LOS ANGELES — Amid calls from some on Wall Street to choke off the supply of newly released DVDs to discount movie rental services, the Walt Disney Co. has quietly decided to raise its wholesale prices on new-release DVDs for Redbox and Netflix, according to people familiar with the matter.
The move marks a subtle shift in Disney’s relationship with Netflix Inc. and Redbox Automated Retail LLC, and one that stands in contrast with most of Hollywood’s dealings with the two rental giants. Other studios have refused to supply DVDs to Netflix and Redbox until 28 days after they are released out of concern that low-cost rentals will undercut DVD sales. Disney, on the other hand, all along has been supplying Netflix and Redbox with DVDs at the same time they go on sale, albeit at a lower price.
Disney will now charge Redbox, which is owned by Coinstar Inc., and Netflix the full wholesale rate — as much as $17.99
— for its DVDs, the people said. That’s more than studios often charge
their largest wholesale customers and less than big retailers like Wal-Mart charge consumers for the popular new releases.
The change started with “Secretariat,” which was released on DVD on Jan. 25, even though the studio said nothing public about it at the time.
Disney believes that its
family-friendly fare, particularly animated films, is the type that
consumers want to own for repeated viewing and therefore is not likely
to be hurt by rentals, according to a person with knowledge of the
How the new policy with affect Disney remains to be seen. By increasing the prices Redbox and Netflix pay for new releases, Disney
could either increase the revenue it generates from those companies or
force them to buy fewer copies and reduce their supply. That in turn
could push frustrated consumers who want to rent toward other options
like cable and Internet video-on-demand.
Redbox President Mitch Lowe confirmed that his company had reached a new agreement with Disney but said it would continue to offer Disney DVDs the same day they go on sale for $1 per night. A Netflix spokesman declined to discuss the issue. However, “Secretariat” is currently available to the company’s subscribers.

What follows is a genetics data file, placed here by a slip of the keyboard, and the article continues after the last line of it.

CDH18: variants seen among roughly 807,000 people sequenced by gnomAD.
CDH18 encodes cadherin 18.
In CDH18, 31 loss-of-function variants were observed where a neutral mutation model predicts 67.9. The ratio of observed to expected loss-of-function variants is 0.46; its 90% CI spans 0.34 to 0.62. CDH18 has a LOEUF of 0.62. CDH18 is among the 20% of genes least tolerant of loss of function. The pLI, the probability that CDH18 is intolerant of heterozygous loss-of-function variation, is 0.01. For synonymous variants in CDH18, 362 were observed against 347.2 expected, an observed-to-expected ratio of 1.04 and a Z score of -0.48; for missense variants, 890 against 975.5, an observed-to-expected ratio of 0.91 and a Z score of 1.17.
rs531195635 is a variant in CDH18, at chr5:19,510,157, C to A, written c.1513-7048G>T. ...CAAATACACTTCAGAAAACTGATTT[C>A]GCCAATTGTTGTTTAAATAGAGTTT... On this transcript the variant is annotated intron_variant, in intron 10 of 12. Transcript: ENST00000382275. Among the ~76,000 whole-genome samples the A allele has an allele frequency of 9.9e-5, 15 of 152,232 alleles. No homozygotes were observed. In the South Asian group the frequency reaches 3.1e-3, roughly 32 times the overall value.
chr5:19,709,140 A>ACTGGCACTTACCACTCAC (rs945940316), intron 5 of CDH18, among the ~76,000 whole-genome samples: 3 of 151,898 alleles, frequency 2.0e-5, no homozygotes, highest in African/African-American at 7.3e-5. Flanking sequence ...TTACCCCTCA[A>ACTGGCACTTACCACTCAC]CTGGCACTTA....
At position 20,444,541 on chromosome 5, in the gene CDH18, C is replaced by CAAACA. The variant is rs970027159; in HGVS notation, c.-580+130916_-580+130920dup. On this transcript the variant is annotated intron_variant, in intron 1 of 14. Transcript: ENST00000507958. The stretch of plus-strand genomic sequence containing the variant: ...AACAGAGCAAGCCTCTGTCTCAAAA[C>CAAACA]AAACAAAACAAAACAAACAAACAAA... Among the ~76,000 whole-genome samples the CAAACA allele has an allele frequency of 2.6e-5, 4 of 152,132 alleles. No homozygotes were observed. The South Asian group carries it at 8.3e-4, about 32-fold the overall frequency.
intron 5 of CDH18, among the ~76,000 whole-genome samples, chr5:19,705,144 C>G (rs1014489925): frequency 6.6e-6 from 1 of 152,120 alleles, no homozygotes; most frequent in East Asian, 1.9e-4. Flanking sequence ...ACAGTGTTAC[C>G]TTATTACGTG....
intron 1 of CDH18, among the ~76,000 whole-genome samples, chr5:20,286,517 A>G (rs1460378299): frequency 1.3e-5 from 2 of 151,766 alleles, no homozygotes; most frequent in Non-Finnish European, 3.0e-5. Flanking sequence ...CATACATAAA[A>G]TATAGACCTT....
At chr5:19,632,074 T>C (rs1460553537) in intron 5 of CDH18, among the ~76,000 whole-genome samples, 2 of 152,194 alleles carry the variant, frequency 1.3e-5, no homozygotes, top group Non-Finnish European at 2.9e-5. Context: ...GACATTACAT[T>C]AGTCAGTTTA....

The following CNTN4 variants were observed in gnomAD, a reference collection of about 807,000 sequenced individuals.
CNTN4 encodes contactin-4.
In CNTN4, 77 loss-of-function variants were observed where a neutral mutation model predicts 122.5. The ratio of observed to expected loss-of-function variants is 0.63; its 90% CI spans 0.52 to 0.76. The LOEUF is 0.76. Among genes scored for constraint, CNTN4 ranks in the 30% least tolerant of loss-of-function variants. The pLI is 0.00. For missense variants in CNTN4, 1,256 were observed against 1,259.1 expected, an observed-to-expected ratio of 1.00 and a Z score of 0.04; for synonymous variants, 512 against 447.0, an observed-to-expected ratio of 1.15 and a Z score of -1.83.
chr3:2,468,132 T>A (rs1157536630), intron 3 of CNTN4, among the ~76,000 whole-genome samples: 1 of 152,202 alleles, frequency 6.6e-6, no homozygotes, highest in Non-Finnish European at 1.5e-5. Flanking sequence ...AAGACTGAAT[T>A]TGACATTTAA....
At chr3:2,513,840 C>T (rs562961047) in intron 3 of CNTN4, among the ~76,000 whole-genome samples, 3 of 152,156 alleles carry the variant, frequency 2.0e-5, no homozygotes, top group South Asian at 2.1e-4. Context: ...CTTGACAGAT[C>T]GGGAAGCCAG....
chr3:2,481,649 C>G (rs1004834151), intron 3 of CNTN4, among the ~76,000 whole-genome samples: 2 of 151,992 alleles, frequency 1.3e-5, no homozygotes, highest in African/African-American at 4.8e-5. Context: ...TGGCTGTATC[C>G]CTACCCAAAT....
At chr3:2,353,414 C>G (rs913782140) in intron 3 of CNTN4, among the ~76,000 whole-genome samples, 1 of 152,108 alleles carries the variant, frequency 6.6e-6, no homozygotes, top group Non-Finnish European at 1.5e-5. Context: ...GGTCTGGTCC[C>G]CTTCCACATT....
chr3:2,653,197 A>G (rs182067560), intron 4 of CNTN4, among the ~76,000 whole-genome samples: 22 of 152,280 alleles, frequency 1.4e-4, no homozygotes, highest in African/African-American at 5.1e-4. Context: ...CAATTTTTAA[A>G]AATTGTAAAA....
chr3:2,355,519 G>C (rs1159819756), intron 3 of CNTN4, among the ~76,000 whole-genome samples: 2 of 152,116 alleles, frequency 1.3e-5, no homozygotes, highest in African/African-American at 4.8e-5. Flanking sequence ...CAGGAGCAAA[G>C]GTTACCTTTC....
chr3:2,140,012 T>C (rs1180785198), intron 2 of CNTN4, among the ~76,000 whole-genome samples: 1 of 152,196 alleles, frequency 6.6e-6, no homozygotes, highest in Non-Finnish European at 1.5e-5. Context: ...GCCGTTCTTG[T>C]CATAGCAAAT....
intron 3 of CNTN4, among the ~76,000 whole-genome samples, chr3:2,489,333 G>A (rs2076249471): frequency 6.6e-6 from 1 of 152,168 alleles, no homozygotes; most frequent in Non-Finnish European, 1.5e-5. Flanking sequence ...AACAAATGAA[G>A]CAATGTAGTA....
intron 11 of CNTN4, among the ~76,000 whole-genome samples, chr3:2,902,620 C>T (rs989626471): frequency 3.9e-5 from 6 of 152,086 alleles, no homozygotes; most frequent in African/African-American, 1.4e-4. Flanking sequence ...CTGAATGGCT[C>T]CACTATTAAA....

The wholesale price Disney charges Netflix and Redbox for DVDs would drop to $10.79
at 28 days after they go on sale, according to one person with
knowledge of the matter. That’s the same amount of time that Fox,
Universal and Warner make Redbox and Netflix wait to offer their movies. Sony imposes the four-week delay on Netflix only for movies that gross more than $50 million at the domestic box office. Paramount offers its movies to Redbox and Netflix the same day they go on sale.
The studios that have imposed delays have contended that $1-per-night rentals from Redbox kiosks or Netflix subscriptions devalue their content and undermine more-profitable disc sales and video-on-demand rentals.
There has been pressure on Disney to follow their lead. Outspoken media analyst Richard Greenfield
of BTIG recently recommended that the media giant do just that, saying
it would be “an important step in diminishing the negative impact
Redbox is having on the movie industry.”
spokesman declined to comment. However, the company will probably
discuss its home-entertainment strategy at an investor conference in Anaheim, Calif., on Thursday, a person familiar with the matter said.
(c) 2011, Los Angeles Times.
Visit the Los Angeles Times on the Internet at http://www.latimes.com/.
Distributed by McClatchy-Tribune Information Services.